Study Finds Bankruptcy Bonuses Work (WSJ)
In bankruptcy, you need to spend money to save money, even if that means spending it on the same management team that steered a business into Chapter 11. …On the contrary, creditor control—for example, when a hedge fund or lender is directing the bankruptcy case—increases the likelihood that bankrupt firms offer retention and incentive bonuses to managers, he said.

SEC Charges Mutual Fund Adviser With Failing to Turn Over Records to SEC Examiners (SEC)
The Securities and Exchange Commission today charged a Florida-based investment manager and his firm for failing to provide SEC examiners with records of a mutual fund advisory business that invested in NASCAR-related stocks. The SEC examiners sought records from David W. Dube and Peak Wealth Opportunities LLC while examining a mutual fund they advised called the Stock Car Stock Index Fund. Despite repeated requests, Dube and Peak Wealth failed to furnish certain records to the SEC.

SS&C Technologies announced record revenues of $120.9 Million (HedgeCo)
Hedge fund tech provider SS&C Technologies Holdings, Inc., announced record revenues of $120.9 million. “I am delighted to report that our second quarter revenue of $120.9 million rose 31.6 percent year-over-year,” said Bill Stone, Chairman and Chief Executive Officer, SS&C Technologies Holdings, Inc. “Q2 was a transformational quarter for SS&C. We began the quarter with 1,492 personnel and ended with 4,034. Our people in all of our businesses stayed focused, tended to our customers and delivered solid results. Organic adjusted revenue rose 3.4% as we overcame some customer attrition and the daily focus on the two large acquisitions. Hans Hufschmid, founder and chief executive officer of GlobeOp, has decided to move on to pursue other opportunities. We wish him all the best and he will continue in a consultative role with the company until January 2013. Rahul Kanwar, Senior Vice President and Managing Director, will assume overall responsibility for the SS&C GlobeOp Business reporting to Normand Boulanger President and Chief Operating Officer.”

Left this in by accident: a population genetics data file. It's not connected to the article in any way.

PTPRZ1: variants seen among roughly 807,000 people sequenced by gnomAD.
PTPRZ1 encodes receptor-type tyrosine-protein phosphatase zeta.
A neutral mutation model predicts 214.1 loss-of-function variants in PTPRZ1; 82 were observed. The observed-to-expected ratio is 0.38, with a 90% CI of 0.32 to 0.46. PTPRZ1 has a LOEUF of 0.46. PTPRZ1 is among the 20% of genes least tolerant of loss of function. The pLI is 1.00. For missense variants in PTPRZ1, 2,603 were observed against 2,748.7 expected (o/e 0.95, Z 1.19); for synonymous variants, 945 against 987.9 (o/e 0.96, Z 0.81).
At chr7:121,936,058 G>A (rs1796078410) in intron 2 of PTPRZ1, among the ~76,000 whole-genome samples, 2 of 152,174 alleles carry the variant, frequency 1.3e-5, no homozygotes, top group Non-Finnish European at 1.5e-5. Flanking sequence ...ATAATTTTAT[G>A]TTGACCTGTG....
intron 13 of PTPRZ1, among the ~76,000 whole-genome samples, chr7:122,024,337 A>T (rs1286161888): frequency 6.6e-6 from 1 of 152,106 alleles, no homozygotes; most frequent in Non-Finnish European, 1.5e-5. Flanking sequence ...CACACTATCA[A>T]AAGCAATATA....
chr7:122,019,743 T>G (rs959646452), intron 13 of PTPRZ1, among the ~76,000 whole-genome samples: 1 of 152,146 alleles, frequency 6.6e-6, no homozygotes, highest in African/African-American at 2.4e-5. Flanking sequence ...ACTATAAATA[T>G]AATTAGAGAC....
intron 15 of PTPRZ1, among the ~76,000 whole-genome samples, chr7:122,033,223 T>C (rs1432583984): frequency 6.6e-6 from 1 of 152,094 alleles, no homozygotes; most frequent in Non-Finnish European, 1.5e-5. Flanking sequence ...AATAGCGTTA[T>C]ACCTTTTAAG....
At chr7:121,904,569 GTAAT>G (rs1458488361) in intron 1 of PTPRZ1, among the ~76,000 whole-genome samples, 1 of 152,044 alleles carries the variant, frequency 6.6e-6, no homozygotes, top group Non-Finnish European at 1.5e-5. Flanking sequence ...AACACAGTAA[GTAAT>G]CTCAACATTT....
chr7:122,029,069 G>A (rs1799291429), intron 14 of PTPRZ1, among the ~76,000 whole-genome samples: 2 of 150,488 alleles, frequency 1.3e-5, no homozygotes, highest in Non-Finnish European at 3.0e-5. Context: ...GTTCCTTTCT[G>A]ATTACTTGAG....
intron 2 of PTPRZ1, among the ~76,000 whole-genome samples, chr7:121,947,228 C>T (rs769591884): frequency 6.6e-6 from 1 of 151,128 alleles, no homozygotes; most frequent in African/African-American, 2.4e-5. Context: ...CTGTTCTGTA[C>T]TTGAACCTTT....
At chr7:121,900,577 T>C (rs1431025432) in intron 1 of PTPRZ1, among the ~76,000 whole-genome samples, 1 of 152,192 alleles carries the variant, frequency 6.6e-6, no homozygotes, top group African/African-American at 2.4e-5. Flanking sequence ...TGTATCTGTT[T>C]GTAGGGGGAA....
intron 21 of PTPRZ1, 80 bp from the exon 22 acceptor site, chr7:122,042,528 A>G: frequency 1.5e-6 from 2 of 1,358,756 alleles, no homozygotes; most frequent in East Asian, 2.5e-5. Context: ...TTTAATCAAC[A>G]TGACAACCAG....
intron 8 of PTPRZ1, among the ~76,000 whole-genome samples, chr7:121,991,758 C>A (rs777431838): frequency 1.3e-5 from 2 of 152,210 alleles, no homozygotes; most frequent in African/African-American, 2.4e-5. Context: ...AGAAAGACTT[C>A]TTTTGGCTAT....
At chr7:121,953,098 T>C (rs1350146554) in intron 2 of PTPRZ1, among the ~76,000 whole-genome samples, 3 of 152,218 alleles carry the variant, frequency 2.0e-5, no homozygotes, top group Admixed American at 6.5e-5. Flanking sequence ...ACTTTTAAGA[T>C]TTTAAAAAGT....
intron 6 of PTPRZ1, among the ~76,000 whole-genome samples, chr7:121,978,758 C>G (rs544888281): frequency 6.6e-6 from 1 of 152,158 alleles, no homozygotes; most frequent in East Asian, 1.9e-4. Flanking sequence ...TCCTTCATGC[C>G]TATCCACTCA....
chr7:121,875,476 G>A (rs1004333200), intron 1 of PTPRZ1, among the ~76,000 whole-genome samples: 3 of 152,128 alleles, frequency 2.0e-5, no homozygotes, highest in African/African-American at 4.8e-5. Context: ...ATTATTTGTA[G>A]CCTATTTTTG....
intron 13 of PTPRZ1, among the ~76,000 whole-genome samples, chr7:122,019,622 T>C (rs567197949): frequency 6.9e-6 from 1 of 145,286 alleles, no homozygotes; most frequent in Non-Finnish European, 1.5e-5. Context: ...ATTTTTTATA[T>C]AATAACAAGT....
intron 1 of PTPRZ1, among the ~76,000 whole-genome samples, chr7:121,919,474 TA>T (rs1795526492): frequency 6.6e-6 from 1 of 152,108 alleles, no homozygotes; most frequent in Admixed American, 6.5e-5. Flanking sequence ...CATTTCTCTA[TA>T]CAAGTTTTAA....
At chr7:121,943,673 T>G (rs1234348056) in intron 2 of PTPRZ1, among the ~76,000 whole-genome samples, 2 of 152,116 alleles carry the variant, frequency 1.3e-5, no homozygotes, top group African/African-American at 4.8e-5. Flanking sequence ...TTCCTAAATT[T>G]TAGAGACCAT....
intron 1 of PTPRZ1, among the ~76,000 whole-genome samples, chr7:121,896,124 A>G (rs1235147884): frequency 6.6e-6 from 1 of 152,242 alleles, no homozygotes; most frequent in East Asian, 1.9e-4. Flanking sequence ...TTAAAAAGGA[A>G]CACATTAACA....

CTAs experience continued inflows despite choppy markets – Newedge (Opalesque)
CTAs have had a rough ride this year. After a strong start in January, losses in March eliminated any early gains and pushed the strategy into negative territory. New research from Newedge CTA Indices shows that CTAs rebounded in May, only to have the worst month since October 2011, in June. According to the report, the last trading day in June had the worst single day performances for the indices since May 2011, with the Newedge CTA Index losing -1.73%, and the Trend Sub Index losing -3.12%. The Newedge CTA Index finally ended down -0.83% for the first six months. Other notable findings in the report include, March to 20th April which saw the Newedge CTA Index down 5 weeks running, which is particularly unusual.